Keys to Relational Growth

IMG_0159When I was sitting in the therapist’s chair, much of what I heard was related to challenges relationally in one form or another. Without question our relationships are often where we experience the greatest wounds, but also places where the Lord shows us things about ourselves as well as others meant for our growth and healing.

Relationships can be pesky things as well as sources of great joy and solace or as Dickens would say “the best of times and the worst of times”.

When it is the latter, we tend to either give up, shut down, or move on or we look for someone or something to blame. Sometimes the blame goes to the other person and sometimes to us.

One thing I know for certain is that blame doesn’t help any of us and gives room for the enemy to create or maintain a stronghold in our lives.

We stop trusting others or ourselves. Either of these is understandable, but also point to trust issues with the Lord as well.

There is no question that some relationships might be toxic for us. If you are unsure about whether that is true, an excellent resource is Necessary Endings by Dr. Henry Cloud. He gives excellent examples and steps to help you discern whether you are dealing with an imperfect human like you are, a foolish person, or an evil person. He also guides you through the best choices of how to respond to each type of person.

Reading this book was very enlightening to me and gave me a better handle on how to help others as well as how to be wiser myself.

The risk we face too often is to close off our heart. Closing off our heart not only risks relationships with others, but our relationship with the Lord also suffers.

John Eldredge addressed this through his book, Waking the Dead, and one quote from his book regarding this issue follows:

If you dismiss your heart, you will end up dismissing theirs. If you expect perfection of your heart, you will raise that same standard for them. If you manage your heart for efficiency and performance that is what you’ll pressure them to be.”

But, Pam, you say… What about Proverbs 4:23?

“Keep your heart with all vigilance, for from it flow the springs of life.” ESV

Maybe we need to prayerfully consider what the writer of Proverbs is saying. When you do, I don’t think you will hear that we are to close off our hearts.

We are instead to be watchful, focused, and intentional to avoid slipping from His path into areas of temptation and sin. That fits as well with what John Eldredge says.

If we fall prey to closing off our hearts, we will be more likely to be tempted to dismiss the heart of the other person.

If my heart exacts a desire for perfection in me, I will have a similar standard for the other person and sometimes even justify it since I first expected it of me.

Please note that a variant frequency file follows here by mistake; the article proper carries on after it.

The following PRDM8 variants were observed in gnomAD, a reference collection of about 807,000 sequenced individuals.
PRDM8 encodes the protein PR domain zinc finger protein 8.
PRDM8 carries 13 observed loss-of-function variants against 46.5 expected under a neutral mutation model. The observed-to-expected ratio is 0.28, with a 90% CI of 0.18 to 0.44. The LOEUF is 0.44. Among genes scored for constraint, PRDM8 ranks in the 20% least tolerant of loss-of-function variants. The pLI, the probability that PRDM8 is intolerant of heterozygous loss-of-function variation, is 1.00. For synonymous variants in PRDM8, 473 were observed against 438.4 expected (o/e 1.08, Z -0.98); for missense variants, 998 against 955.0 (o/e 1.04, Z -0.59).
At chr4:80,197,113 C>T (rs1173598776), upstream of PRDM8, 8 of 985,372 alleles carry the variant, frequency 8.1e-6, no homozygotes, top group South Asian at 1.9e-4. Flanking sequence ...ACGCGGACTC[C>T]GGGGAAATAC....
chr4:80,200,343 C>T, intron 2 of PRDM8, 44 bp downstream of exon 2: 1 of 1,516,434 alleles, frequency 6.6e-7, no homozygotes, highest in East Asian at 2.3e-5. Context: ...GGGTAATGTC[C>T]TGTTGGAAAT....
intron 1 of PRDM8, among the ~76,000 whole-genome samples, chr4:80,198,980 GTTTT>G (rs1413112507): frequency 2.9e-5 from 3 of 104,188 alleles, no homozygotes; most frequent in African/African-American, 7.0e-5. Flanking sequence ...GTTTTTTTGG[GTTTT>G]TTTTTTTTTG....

The keys to relational growth are:

  • Ask the Lord to show you your own heart and what He sees there. He loves you most and always wants what is best for you.
  • Ask the Lord to show you the heart of the other person. Don’t trust that you know for certain where it is or that you heard accurately what the other person was saying.
  • Ask the Lord to heal any broken places in your own heart or theirs from relationships prior to this one that need His healing touch.
  • Trust the Lord. Your humility before Him as you seek Him first will lead to a vigilant heart that is open to Him as well as others.

8 thoughts on “Keys to Relational Growth

  1. Hi Pam! I was just thinking that we should not allow the world to inform our souls, but allow our souls to inform the world. If I trust that God has formed me in His likeness, and given me the grace He promises, I really need to make decisions based on that.

    I really like the advice of asking God to show me my heart, and the heart of others. How can we know on our own? And asking means we realize we need help, and that makes a Father’s heart get so soft and warm for his child. That’s what I’d like!
    Have a great day 🙂
    Ceil

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    1. Hi, my friend! Thanks for your reflections. I think so often we get rolling along and can miscalculate what we do and do not know about ourselves and our heart as well as those of people around us. I am more convinced than ever that the Lord would want us to remember we must look to Him for His counsel and understanding rather than to be so confident in our own that we never seek Him about these things.
      Love and blessings to you,
      Pam

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  2. Relationships take vulnerability, love, and dedication (even when it hurts). I need to check out that Henry Cloud book, sounds like it’d really help discern which relationships are worth the work and how to manage the ones that aren’t to benefit you both.

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    1. Thanks for stopping by today, Angela! Yes, relationships take everything you list and more to be nurtured and healthy. The Henry Cloud book does help determine when the relationship may be off track and may be out of balance and gives excellent wisdom about how to discern that.Sometimes as Christians we can get bogged down in a relationship that is sapping us beyond what is good for either person.

      Blessings to you,
      Pam

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